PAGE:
More Harmony businesses are welcome to participate. “We would like to offer a broad range of opportunities that fit student interests,” says Bigalk. “There are businesses here in Harmony that students might not even be aware of. It would be desirable to place students in the trades like welding or repair, or in childcare or medical facilities, for instance.” If Harmony business owners are interested in offering an internship, it’s not too late. Owners should contact Jan Bigalk with their questions soon. Participating businesses must be able to offer the intern between five and 20 hours per week. (Interns may accept multiple internships provided the hours are compatible or businesses work out a way to collaborate and share.)
This is the timeline and explanation of the program in a nutshell: Businesses submit a “Request for Interns” where they describe their organization and the internship, specify the skills and qualifications needed, and identify the benefits an intern will gain by working with them this summer. This one-page short answer request form is to be submitted to Jan Bigalk by April 7, 2017. Soon after, the Fillmore Central Schools principal, Heath Olstad, will put out a call to interested students and post the available opportunities. Students who are between 15-18 on June 1, 2017 are eligible to participate. These students take advantage of career building instruction and activities such as resume and cover letter writing and hone their skills in mock interviewing. Jan Bigalk receives applications from students and conducts brief interviews herself, giving feedback to students and providing a summary of what she learns to employers. Employers also receive the resumes and set up interviews with their top candidates. Then, employers select their top candidates and offer the position. And, finally, students choose their internship.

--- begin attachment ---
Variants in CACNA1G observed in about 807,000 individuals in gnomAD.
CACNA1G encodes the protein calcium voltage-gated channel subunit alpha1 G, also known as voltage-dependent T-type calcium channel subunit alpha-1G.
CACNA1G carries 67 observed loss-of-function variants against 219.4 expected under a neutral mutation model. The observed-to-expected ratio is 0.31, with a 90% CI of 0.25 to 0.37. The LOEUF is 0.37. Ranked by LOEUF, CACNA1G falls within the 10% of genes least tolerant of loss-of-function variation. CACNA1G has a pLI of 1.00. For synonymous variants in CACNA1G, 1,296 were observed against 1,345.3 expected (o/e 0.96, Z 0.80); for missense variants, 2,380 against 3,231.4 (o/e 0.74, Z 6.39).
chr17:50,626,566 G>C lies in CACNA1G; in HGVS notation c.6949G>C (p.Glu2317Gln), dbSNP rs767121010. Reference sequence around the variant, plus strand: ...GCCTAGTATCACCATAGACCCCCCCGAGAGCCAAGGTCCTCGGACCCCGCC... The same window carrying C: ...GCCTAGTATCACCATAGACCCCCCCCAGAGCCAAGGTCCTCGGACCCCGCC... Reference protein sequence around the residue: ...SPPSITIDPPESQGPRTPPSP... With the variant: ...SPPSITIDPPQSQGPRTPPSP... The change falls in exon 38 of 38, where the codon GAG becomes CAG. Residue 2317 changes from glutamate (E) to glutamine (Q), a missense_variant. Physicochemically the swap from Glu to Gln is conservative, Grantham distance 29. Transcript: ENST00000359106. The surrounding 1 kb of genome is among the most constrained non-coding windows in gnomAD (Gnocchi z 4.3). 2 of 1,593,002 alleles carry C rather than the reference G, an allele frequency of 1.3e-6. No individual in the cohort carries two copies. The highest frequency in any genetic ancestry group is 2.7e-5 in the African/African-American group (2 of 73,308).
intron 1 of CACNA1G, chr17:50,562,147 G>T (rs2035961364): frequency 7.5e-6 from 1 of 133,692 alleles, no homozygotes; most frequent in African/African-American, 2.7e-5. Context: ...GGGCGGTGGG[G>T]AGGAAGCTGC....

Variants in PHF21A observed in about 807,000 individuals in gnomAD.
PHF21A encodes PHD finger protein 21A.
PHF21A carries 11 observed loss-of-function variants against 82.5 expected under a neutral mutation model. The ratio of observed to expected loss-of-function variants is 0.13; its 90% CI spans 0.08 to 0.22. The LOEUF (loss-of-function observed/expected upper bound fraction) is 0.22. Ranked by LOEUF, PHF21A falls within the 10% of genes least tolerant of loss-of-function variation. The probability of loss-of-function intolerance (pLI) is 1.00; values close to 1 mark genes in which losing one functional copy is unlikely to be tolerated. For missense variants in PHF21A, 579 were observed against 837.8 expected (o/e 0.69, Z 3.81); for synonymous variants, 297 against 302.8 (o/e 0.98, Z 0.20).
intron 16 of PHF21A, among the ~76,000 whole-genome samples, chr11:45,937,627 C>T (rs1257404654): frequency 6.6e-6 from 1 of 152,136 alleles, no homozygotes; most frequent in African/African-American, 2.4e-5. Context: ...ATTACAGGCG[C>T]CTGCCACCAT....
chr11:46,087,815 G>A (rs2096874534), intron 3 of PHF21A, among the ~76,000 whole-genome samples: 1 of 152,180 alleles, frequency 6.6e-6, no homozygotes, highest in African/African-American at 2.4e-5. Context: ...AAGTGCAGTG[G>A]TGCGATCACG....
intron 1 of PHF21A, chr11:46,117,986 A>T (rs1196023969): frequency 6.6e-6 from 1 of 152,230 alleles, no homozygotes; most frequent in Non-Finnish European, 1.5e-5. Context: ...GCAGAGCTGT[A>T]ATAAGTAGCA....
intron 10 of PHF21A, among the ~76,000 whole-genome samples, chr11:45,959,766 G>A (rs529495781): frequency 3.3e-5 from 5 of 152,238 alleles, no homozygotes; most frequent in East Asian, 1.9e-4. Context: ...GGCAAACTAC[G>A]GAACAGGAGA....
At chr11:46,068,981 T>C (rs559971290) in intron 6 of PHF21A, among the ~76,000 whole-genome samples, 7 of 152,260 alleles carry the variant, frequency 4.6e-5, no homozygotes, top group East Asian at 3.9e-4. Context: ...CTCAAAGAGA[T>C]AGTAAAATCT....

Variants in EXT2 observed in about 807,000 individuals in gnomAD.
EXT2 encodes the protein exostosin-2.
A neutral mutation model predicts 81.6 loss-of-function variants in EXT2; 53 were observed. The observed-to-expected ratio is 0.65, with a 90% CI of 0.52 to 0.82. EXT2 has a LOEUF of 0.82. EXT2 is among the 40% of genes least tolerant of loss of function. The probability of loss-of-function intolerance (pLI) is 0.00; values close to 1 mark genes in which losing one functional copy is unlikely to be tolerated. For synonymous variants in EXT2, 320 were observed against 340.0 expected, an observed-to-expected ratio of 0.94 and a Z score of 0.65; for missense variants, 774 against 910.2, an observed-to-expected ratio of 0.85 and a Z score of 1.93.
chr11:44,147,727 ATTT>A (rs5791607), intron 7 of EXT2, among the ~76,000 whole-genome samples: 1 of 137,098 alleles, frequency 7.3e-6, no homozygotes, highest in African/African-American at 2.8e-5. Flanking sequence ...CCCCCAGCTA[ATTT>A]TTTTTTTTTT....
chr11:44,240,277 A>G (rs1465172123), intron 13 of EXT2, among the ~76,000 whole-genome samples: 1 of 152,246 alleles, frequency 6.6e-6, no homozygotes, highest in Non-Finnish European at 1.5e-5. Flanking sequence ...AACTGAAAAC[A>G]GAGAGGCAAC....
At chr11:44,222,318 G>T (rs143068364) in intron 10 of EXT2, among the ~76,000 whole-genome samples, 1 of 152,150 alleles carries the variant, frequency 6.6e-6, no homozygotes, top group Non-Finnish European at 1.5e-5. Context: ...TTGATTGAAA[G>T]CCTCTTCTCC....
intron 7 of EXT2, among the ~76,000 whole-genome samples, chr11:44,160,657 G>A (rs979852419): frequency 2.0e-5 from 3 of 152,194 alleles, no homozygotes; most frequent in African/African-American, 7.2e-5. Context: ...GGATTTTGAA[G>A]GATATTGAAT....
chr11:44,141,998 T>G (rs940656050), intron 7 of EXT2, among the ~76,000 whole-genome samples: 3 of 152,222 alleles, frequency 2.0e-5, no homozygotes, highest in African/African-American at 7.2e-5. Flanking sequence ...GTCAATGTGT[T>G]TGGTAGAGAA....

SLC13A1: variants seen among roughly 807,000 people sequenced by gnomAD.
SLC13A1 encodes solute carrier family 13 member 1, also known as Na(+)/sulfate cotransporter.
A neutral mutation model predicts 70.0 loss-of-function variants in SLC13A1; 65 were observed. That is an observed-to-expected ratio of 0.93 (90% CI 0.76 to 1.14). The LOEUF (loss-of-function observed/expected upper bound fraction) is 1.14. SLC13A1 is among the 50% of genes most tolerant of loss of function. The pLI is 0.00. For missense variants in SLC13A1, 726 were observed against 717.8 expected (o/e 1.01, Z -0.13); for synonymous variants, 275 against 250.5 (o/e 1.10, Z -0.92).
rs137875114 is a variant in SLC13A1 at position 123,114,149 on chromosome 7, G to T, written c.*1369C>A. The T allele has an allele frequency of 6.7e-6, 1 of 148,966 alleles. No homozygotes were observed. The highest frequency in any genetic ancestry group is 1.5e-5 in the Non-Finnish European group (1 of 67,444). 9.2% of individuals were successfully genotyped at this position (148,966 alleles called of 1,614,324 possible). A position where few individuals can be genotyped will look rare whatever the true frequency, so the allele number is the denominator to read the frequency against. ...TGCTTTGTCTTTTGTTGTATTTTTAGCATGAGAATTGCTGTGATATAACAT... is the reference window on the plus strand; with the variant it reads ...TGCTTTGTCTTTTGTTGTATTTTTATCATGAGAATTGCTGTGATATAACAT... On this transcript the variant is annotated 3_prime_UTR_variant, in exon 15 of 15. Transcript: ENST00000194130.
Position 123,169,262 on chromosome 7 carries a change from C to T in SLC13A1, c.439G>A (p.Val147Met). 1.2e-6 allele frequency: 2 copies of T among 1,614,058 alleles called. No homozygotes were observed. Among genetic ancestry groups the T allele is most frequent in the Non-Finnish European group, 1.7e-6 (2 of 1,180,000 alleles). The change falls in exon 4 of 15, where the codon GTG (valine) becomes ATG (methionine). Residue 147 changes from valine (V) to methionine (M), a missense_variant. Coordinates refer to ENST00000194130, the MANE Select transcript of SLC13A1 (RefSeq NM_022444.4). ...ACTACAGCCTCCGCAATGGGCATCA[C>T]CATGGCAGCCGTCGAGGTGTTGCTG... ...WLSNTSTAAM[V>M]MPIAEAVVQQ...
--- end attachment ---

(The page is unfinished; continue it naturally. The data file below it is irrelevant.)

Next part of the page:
There is a pool of grant money that will be distributed equally among participating businesses. The business owner hires the student and puts him or her on the payroll to be paid regular wages. Mid-summer, evaluations will be conducted – the business owner evaluates the student intern, and the intern evaluates his or her experience with the business. Also at this time, grant money is distributed among the participating businesses in the form of a student scholarship to help with intern expenses. A second set of evaluations will be conducted at the end of the internship to see what worked well and what could be improved.
Jan Bigalk concludes, “Another difference between a job and an internship is that an internship ends.” The period of employment for the intern is approximately the beginning of June through the end of August. After that, it is up to the business and the student to determine if a regular non-internship job will follow.
Bigalk is also thinking ahead to the future: “We hope to offer this opportunity with grant money in subsequent years and that the program will grow in both businesses offering internships and students taking advantage of them. Surrounding communities are watching Harmony and may join us in offering internship opportunities.” It is a matter of applying for a grant each year and being approved. It is also a matter of all parties – employers, interns, school, and community – working to make the experience valuable and meaningful for each other. It is a commitment, but one with the potential for great rewards.
Contact Jan Bigalk at (507) 886-2629 or firstname.lastname@example.org if you are a Harmony business owner with questions or an interest in offering an internship this summer.